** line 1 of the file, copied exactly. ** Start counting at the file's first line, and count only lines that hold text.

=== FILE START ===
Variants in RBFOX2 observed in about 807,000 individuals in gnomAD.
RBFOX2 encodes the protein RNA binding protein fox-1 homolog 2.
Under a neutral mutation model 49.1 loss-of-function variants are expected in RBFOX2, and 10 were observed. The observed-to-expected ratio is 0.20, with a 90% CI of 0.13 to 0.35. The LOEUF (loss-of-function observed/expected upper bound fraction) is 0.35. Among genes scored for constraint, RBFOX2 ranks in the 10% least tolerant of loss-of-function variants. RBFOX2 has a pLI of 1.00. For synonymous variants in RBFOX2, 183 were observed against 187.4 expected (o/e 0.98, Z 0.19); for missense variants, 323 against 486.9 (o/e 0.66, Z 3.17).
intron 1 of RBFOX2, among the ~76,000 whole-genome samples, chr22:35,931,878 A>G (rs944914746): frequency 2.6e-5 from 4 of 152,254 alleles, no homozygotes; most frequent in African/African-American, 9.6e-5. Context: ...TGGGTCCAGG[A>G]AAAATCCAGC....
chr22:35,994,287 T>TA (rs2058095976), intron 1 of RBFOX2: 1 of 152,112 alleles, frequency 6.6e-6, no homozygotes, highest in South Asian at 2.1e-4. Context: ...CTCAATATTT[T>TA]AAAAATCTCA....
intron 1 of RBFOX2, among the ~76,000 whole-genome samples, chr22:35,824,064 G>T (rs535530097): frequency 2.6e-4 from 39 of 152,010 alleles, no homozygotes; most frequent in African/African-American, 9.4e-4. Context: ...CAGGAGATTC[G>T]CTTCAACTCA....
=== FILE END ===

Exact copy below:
Variants in RBFOX2 observed in about 807,000 individuals in gnomAD.